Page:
MOSCOW - A spokesman for Vladimir Putin has confirmed that the Russian president suffered a "muscle strain" before attending a summit of world leaders in September, but denied that the injury has caused him to postpone a series of foreign trips and curtail his activities in Moscow.
"We have repeatedly said that such ideas do not have any foundation," Kremlin spokesman Dmitri Peskov said in a statement, according to the Interfax news agency.
"Every athlete has many injuries, especially those who play sport actively and on a daily basis, like Putin. He has trained for a long time, practically semi-professionally," he added.
The comments came after a string of news reports fueled speculation that the injury to Russia's longtime leader was affecting his travel and work plans. A Russian news report today said Putin sustained the injury during a stunt in which he flew with a flock of migrating cranes in a motorized hang glider just before the APEC summit in Vladivostok, in Russia's far east.
"According to two people very close to the Kremlin, the president really is experiencing health problems, which are connected to an old injury that flared up after his flight with cranes," the newspaper Vedomosti reported.
"After the flight, it was very noticeable that he had a limp at the APEC summit in Vladivostok," the report said of the early September event.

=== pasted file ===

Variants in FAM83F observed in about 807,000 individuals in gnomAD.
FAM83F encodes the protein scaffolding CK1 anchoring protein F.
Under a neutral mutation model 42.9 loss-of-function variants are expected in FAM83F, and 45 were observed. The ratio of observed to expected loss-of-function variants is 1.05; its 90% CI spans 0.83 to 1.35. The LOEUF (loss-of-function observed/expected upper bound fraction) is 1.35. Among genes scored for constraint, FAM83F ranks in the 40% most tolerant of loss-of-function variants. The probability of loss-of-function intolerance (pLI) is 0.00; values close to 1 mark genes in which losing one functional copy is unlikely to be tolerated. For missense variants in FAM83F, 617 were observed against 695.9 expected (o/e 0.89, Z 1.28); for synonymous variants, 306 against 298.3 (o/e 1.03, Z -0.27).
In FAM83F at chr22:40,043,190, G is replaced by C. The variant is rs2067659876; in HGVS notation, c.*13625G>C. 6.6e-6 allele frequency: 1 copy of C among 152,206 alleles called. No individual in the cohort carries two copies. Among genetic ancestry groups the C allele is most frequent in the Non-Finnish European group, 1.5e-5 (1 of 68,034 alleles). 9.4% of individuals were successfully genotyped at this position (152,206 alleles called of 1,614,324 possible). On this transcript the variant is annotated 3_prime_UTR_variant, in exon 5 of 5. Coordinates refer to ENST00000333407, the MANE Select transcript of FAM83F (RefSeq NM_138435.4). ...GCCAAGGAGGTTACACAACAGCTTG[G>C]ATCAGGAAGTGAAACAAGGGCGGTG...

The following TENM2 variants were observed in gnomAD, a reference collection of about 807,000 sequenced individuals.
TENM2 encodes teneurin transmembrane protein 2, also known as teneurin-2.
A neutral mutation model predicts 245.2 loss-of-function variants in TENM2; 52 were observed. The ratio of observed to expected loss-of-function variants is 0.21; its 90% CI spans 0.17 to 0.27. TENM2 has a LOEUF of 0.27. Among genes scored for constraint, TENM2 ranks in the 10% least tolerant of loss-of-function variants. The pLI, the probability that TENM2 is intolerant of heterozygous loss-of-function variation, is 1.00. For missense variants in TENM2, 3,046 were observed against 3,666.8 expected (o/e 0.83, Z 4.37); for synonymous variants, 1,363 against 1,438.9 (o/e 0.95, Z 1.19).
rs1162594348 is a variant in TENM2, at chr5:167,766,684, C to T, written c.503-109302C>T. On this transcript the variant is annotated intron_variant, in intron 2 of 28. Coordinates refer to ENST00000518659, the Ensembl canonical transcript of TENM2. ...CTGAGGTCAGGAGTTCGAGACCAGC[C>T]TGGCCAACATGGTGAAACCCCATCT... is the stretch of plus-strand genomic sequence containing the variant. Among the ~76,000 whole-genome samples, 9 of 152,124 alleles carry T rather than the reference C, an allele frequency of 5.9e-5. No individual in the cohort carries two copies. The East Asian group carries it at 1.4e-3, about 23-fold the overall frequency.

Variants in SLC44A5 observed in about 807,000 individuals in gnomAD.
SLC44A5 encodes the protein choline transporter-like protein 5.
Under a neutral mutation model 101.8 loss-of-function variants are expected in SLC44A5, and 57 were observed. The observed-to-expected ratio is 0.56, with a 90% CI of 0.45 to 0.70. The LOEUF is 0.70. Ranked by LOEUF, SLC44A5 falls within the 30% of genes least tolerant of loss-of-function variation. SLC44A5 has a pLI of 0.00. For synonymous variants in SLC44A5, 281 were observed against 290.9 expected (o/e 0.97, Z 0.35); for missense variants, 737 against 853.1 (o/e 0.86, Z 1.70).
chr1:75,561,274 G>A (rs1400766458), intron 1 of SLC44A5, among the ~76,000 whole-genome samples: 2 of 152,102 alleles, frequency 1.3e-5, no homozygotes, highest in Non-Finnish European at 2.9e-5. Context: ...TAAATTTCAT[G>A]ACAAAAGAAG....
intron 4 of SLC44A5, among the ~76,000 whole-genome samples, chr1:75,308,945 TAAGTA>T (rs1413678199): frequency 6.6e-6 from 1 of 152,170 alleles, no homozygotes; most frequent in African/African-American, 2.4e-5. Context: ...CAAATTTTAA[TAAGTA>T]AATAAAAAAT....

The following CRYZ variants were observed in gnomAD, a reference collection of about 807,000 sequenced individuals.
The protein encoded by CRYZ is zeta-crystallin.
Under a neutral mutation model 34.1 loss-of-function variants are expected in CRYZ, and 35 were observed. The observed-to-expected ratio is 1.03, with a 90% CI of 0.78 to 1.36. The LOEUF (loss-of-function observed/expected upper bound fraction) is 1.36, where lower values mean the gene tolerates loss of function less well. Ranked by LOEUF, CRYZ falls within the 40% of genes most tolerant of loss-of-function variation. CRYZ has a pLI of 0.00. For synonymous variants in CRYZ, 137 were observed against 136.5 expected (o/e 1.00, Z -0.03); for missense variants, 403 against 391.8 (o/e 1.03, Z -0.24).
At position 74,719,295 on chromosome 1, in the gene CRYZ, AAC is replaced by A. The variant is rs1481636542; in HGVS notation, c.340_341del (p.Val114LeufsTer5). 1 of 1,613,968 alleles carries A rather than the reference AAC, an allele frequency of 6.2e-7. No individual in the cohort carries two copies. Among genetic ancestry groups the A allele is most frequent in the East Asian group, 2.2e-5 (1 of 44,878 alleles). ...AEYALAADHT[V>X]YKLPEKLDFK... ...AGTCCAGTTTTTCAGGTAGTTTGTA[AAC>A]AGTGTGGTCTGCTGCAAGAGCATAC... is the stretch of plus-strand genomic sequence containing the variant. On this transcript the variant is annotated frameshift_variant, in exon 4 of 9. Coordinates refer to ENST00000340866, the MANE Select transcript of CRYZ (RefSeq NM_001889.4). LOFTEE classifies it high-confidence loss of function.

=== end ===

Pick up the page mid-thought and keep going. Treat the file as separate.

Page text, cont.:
The Kremlin spokesman did not address the bird reports, but issued the statement in response.
Reuters, citing unnamed government sources, reported last week that Putin had suffered a back injury that could require surgery.
The Kremlin also dismissed that report, saying "This does not correspond to reality."
Putin, who turned 60 last month, is known as an avid sportsman who is keen on being photographed participating in macho activities that he recently admitted were publicity stunts. In recent years, he has gone horseback riding bare-chested, dived for ancient treasure, bobsledded, skied, practiced judo and tagged polar bears and tigers, all in front of the cameras.
Recently, however, Putin has canceled or postponed foreign trips to Pakistan, Bulgaria, Turkey, India and Turkmenistan, fueling speculation that something is amiss.
He also announced that he would work more from home, claiming it is to decrease the impact of his motorcade on Moscow's already notorious traffic. The Kremlin also announced this week that Putin will postpone his annual call-in question session until the summer. But it brushed off any suggestion that the change resulted from his injury or the recent wave of opposition protests, saying it's best to hold the event when the weather is warmer.